Friday, 28 December 2012

Keoma (1976)

A fellow horror lover on IMDB made an interesting post saying that horror movies and spaghetti westerns go hand in hand.  I think it's a fair point and I agree with it to an extent.  There's lots of shared themes in both types of film.  Personally, I don't understand why there isn't more horror/western hybrids.  Think about the Old West as a setting for a horror film.  Why hasn't it been tapped into more.  In fact, why hasn't it be done so often that we're not sitting here right now thinking, ''Oh no!  Not another horror western.''  Anyway, I'll save this topic for my next post, because believe me, I have a LOT to say on it and I hope some high up movie person sees my little insignificant rant and does something to make it a reality.  Until then, I want to talk about Enzo G. Castellari's cult classic, Keoma, starring the original Django, Franco Nero.  This movie is so good that people still consider it a masterpiece in spite of its atrocious soundtrack (which didn't bother me much but I'll admit it wasn't exactly Morricone standards).  This is considered a classic among many fans of spaghetti westerns and after watching it, I understand why.

Nero stars as Keoma, a half-breed who returns to his hometown after serving in the Civil War to find it under the control of a vicious gang, which includes his 3 brothers.  They're pretty mean bastards as they force the sick townspeople into slave labour and treat women with the utmost disrespect to say the least.  It's up to Keoma to save the day and restore order to the town with the help of an old friend.

Apparently, the script was binned before shooting and they all just kinda made this up as they went along.  I can believe that to be the case as the dialogue isn't exactly going to win any awards.  Furthermore, there's no real cohesion to the plot.  It does however make up for those misdemeanours with raw emotion, bleak grittiness, impressive shots, beautiful landscapes, appropriate settings and some fine slow motion, action packed shootouts (the big shootout at the end is fantastic).

I recommend this movie strongly.  In a genre that has spawned countless movies (including a lot of trash), this really stands out.  Watch it now with all of the Django Unchained excitement in the air (Nero has a part in Tarantino's new 'Southern', I believe).

Monday, 24 December 2012

Man With The Iron Fists (2012)

Hey guys.  It's been awhile I know, but I haven't really been watching a lot of horror or cult movies recently.  It's practically been wrestling on my TV screen for a couple of months now, but I'm back to my geeky film habits in time for Christmas and shall get back to my blogging ways.  I figured making my return with one of the most anticipated movies of my life would be appropriate.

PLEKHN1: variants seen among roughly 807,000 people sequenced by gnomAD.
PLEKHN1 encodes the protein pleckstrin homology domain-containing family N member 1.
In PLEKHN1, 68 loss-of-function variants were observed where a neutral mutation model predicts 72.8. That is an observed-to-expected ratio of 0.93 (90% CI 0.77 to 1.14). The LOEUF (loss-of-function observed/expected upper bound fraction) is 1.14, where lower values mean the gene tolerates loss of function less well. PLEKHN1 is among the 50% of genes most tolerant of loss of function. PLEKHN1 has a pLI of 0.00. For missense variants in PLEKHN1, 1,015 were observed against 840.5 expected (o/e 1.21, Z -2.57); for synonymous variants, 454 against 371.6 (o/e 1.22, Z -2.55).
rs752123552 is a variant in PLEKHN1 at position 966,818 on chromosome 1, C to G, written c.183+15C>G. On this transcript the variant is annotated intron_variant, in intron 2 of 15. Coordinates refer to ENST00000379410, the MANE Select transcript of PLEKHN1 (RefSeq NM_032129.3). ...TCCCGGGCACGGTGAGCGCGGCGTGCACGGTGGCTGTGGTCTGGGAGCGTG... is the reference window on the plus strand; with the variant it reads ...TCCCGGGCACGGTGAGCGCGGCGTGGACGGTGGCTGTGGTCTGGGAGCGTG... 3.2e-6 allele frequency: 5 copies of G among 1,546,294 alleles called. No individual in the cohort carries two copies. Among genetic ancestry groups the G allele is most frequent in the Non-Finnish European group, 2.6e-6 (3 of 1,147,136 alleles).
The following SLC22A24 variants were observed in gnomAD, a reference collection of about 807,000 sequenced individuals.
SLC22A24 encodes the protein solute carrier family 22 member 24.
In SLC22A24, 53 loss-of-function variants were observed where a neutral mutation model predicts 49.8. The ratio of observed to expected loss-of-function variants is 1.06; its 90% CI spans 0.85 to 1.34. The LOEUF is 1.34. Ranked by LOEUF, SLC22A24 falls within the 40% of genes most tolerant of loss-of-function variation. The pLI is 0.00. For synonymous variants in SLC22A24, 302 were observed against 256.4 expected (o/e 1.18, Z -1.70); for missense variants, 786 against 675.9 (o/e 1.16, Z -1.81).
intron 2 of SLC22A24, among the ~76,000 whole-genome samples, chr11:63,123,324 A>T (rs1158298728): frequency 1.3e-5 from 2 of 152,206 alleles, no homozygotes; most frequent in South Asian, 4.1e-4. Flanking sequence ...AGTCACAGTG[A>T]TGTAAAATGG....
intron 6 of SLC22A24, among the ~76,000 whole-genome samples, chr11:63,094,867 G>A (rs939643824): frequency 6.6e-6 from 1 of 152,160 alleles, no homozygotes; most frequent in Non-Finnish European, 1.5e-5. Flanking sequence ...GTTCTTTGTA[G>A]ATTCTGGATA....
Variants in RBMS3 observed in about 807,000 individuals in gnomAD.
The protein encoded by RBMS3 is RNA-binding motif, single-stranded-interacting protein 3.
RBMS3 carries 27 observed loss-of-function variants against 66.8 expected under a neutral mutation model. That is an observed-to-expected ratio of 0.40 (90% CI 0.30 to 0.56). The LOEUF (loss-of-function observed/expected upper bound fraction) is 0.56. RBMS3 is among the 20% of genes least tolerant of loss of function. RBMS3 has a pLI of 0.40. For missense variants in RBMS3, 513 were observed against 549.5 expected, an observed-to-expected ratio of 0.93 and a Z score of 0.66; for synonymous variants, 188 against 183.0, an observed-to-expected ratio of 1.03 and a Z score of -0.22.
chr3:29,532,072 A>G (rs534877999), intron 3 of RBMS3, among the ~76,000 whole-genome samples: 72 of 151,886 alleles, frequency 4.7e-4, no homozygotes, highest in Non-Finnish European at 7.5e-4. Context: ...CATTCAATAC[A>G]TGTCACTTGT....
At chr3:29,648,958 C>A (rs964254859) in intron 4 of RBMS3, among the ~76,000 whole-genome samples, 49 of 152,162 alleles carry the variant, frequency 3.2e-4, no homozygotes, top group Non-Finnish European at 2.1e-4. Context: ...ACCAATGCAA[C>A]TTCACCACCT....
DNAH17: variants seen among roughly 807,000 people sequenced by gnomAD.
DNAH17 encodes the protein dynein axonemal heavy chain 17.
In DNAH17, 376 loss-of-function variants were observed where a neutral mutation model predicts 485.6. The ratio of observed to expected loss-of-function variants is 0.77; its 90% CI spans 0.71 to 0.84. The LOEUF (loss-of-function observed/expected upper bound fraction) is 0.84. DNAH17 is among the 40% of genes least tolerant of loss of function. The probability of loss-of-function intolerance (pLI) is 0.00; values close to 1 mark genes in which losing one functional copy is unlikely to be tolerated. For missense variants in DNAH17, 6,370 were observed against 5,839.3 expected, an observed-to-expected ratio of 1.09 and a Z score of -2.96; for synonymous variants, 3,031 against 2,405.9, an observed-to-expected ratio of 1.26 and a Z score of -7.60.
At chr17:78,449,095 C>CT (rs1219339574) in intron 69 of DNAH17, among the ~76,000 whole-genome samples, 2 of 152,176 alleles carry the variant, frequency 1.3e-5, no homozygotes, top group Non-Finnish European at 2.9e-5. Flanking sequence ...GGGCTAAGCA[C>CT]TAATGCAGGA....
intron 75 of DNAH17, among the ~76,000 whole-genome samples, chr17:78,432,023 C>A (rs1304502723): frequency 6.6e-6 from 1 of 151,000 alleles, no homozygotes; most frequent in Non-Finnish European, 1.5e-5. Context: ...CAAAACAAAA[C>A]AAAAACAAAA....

I meant what I just said.  No one has looked forward to Man With The Iron Fists more than me.  I'm the world's biggest fan of hip hop, in particular Wu Tang Clan.  So when I heard RZA was directing his first kung fu feature, co-written with Eli Roth and produced by Tarantino, I really couldn't contain my excitement.  I expected a fun, over-the-top, violent movie that was full of pastiche style over substance and that's exactly what I got.  A lot of people are hating on this film and I can see why, but for me it did exactly what I wanted it to do.  To put it plain and simple - it's fun.

This film isn't for the uptight and you definitely need a sense of humor to enjoy it.  I mean, take Russell Crowe's character.  His name is Jack Knife, he refer's to his endowment as the ''baby's arm'' and he gets up to his guts in prostitutes.  Ex wrestler Dave Batista also plays a devastating golden cyborg.  See what I'm getting it?  Personally I loved these elements.  However, there is some real strengths in this movie, especially considering it's RZA's first time directing.  The action is frequent and bloody and although not on the level of the Shaw Brothers, it's still pretty damn good.  RZA as a writer has a great imagination and it's nice to see his ideas on the big screen.  It's completely historically and culturally inaccurate,  it hops along to a hip hop soundtrack and it's a little bit cheesy but I loved it and others who enjoy mindless popcorn flicks probably will get a kick out of it.